J: So has there been any reaction ...based on the people who've seen the film?

L; There's been a lot of talk a lot of it I know that there's a lot of Japanese-American groups meeting tonight in New York to talk abut it to try and negotiate some sort of peace, some kind of change. It's only been out for 4 days so far in New York and L.A. It really hasn't had a theatrical run yet, it's just beginning.

J: How much hope do you hold out for the oceans in general, because throughout the film it [The Cove] is presented as microcosm or as a symbol of our disrespect for this particular environment, [so are] are you still hopeful?

L: I hate to bet against Jim Clark, the guy that gave me the money- he jokes that we should be calling the Oceanic Preservation Society the Oceanic Remembrance Society. He feels like human greed will probably doom us. I wouldn't be doing this film if I didn't feel there was hope- my hope is to inspire a big group of young people to help fix the problem that my generation caused.

J: But obviously you made this in the spirit that.... (Louis jumps in)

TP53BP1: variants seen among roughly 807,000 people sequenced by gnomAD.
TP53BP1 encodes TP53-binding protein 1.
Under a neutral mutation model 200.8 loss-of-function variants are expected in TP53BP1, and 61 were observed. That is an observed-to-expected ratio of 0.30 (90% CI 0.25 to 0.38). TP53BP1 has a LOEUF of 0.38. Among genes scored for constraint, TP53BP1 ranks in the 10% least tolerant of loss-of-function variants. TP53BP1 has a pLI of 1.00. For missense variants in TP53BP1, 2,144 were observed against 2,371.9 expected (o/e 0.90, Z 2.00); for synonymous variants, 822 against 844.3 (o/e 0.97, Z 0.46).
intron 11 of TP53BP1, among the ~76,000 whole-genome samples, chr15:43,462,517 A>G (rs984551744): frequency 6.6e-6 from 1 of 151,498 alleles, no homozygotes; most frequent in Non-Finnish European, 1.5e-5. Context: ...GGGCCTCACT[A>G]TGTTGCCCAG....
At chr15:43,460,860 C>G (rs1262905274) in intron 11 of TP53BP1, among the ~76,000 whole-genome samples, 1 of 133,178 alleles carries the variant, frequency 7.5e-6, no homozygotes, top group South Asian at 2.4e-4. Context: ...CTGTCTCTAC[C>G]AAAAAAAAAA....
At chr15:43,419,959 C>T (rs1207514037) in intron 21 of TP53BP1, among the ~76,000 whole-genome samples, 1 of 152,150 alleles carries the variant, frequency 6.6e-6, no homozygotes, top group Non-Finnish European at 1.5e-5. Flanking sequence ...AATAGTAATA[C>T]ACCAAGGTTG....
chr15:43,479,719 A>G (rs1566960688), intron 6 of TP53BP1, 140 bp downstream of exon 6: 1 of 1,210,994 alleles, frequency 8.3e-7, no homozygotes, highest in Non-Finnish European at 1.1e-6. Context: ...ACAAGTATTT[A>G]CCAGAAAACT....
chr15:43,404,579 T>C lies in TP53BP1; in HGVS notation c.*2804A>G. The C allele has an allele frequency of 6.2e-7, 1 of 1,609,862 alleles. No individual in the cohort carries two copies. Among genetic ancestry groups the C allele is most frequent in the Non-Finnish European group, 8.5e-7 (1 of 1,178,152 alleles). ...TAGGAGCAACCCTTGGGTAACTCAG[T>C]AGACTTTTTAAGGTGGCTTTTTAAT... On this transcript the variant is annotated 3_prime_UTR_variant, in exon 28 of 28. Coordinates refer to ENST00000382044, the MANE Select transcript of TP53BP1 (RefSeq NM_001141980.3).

L: Absolutely. We can at least fix the cove. Which to me is a win-win for not only the dolphins an porpoises but for the Japanese people, because all the dolphin meat that been tested in the last.. ..at least a decade has been found to be toxic.

J: One thing that when I was watching the movie made me very uncomfortable was that you [the audience] are made complicit. You're watching and not doing anything. What was it like to have to watch it happen and to record it?

L: It was horrifying. I had to edit down about 40 hours of pretty gruesome footage down to about two minutes that people could watch. This is the Disney version of the horror that goes on back there, we have a PG 13 rating!

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I'll be honest when I say that I went into this film feeling slightly cynical about the degree to which I could care about the plight of some overly cute dolphins in the face of global environmental meltdown. This unease was only added to by the aggressiveness with which it was being promoted. But by the end, I was won over; thoughtful and subtle as well and intense and action packed it offers a convincing argument, and the drive with which Psihoyos pursues the film's success seems to be sincerely that of an genuine activist.


All Images © Maple Pictures Corp. All Rights Reserved

Discussion

4 Comments

jonathan reid sevigny / September 4, 2009 at 06:23 pm
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everybody should go see this film.
Hasan / February 3, 2015 at 11:39 pm
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Interesting that link to the NY: Putain' reminds me of the Spanish word Puta'. I have no doubt that both paitun' and puta' originally come from the classical language Latin (the closest I get is ) It's been a long time I read and wrote (and spoke) Latin.